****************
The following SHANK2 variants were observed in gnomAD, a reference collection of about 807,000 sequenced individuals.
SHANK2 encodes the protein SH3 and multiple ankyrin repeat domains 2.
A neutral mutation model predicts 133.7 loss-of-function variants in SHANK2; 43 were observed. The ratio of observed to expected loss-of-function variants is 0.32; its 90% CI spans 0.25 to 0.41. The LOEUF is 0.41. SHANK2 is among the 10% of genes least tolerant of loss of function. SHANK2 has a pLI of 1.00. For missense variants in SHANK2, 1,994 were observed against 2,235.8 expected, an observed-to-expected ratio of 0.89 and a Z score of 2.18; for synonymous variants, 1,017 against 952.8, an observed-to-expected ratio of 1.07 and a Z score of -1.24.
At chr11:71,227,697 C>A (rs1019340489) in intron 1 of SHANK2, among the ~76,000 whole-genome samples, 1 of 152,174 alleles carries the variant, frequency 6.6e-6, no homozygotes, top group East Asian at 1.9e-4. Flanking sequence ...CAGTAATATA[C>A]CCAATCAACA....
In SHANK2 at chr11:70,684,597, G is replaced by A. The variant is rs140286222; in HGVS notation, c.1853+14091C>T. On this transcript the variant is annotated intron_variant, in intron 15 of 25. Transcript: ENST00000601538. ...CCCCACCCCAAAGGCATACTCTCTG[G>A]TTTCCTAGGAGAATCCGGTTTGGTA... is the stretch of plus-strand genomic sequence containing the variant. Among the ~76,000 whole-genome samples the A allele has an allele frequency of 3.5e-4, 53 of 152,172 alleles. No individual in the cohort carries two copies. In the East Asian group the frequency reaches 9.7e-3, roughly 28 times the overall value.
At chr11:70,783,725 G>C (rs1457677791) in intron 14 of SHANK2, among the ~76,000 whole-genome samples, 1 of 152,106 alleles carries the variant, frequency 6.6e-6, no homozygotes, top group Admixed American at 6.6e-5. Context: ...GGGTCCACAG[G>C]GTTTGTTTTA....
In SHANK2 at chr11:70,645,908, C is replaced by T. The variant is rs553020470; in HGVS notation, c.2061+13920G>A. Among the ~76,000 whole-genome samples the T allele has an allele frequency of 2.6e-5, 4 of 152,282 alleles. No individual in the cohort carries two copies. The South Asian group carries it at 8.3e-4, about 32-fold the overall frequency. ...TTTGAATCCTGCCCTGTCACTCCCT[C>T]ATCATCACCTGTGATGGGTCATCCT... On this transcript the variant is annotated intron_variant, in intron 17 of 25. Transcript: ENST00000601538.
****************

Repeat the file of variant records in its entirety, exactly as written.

The following SHANK2 variants were observed in gnomAD, a reference collection of about 807,000 sequenced individuals.
SHANK2 encodes the protein SH3 and multiple ankyrin repeat domains 2.
A neutral mutation model predicts 133.7 loss-of-function variants in SHANK2; 43 were observed. The ratio of observed to expected loss-of-function variants is 0.32; its 90% CI spans 0.25 to 0.41. The LOEUF is 0.41. SHANK2 is among the 10% of genes least tolerant of loss of function. SHANK2 has a pLI of 1.00. For missense variants in SHANK2, 1,994 were observed against 2,235.8 expected, an observed-to-expected ratio of 0.89 and a Z score of 2.18; for synonymous variants, 1,017 against 952.8, an observed-to-expected ratio of 1.07 and a Z score of -1.24.
At chr11:71,227,697 C>A (rs1019340489) in intron 1 of SHANK2, among the ~76,000 whole-genome samples, 1 of 152,174 alleles carries the variant, frequency 6.6e-6, no homozygotes, top group East Asian at 1.9e-4. Flanking sequence ...CAGTAATATA[C>A]CCAATCAACA....
In SHANK2 at chr11:70,684,597, G is replaced by A. The variant is rs140286222; in HGVS notation, c.1853+14091C>T. On this transcript the variant is annotated intron_variant, in intron 15 of 25. Transcript: ENST00000601538. ...CCCCACCCCAAAGGCATACTCTCTG[G>A]TTTCCTAGGAGAATCCGGTTTGGTA... is the stretch of plus-strand genomic sequence containing the variant. Among the ~76,000 whole-genome samples the A allele has an allele frequency of 3.5e-4, 53 of 152,172 alleles. No individual in the cohort carries two copies. In the East Asian group the frequency reaches 9.7e-3, roughly 28 times the overall value.
At chr11:70,783,725 G>C (rs1457677791) in intron 14 of SHANK2, among the ~76,000 whole-genome samples, 1 of 152,106 alleles carries the variant, frequency 6.6e-6, no homozygotes, top group Admixed American at 6.6e-5. Context: ...GGGTCCACAG[G>C]GTTTGTTTTA....
In SHANK2 at chr11:70,645,908, C is replaced by T. The variant is rs553020470; in HGVS notation, c.2061+13920G>A. Among the ~76,000 whole-genome samples the T allele has an allele frequency of 2.6e-5, 4 of 152,282 alleles. No individual in the cohort carries two copies. The South Asian group carries it at 8.3e-4, about 32-fold the overall frequency. ...TTTGAATCCTGCCCTGTCACTCCCT[C>T]ATCATCACCTGTGATGGGTCATCCT... On this transcript the variant is annotated intron_variant, in intron 17 of 25. Transcript: ENST00000601538.